You might be thinking; What are my Options?
New iPhone Carriers Aim To Control, Or Profit From, Mobile Data Consumption, BY Kit Eaton
Since the iPhone first arrived on the scene, it has been used to access mobile data like no other device before it. Owners of iPhones browse the web, download apps, upload photos to social networks, and generally download more and more data on the fly than others. The device’s popularity–and users’ associated habits–have stressed phone networks to the point that over the previous year or so, iPhone carriers (particularly in the U.S.) have slapped data limits on the plans they offer, even what they call “unlimited” plans, in an attempt to preserve their network’s stability.
With the arrival of the iPhone 4S, which is expected to sell in the tens of millions by Christmas alone, cell phone networks are going to be even more pressed. These businesses are reacting.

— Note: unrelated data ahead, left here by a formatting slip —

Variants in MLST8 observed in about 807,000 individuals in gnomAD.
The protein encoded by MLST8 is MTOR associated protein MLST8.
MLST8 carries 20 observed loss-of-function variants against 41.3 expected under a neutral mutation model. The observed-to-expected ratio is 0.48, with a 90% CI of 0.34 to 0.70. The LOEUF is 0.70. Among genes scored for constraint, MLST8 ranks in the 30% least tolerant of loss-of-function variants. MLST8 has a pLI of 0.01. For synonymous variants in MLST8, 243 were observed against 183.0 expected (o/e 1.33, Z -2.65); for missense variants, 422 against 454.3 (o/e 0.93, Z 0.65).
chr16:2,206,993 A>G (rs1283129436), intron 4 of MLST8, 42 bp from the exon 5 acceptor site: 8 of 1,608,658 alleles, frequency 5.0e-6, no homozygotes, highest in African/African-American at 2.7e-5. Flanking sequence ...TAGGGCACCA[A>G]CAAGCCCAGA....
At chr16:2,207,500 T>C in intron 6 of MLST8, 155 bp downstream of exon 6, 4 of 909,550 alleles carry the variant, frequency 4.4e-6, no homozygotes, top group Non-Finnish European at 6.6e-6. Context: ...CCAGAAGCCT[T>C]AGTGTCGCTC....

AT&T is perhaps the most high-profile network to defend itself against what they deem “bandwidth hogs” using iPhones. Earlier this year, the company announced that bandwidth “throttling” would be imposed on unlimited data plan customers, starting October 1st. True to that promise, AT&T has started to draw down the speed on what it says is just “5%” of its userbase–people whose massive data burden is disproportionately large, compared to everyone else’s. They’re saying these bandwidth hogs access twelve times as much data as the average smartphone user in the other 95% of their userbase.
Lest Apple fans call bias, AT&T’s also sensitive to other smartphone users. Android is such a massive player in the market, AT&T just released a Smart Wi-Fi app that allows “Android customers to locate and seamlessly connect to Wi-Fi hotspots” and even “helps customers manage their wireless data usage by auto-connecting to Wi-Fi instead of using a wireless connection.” That sounds sweet, and many an Android user will benefit.
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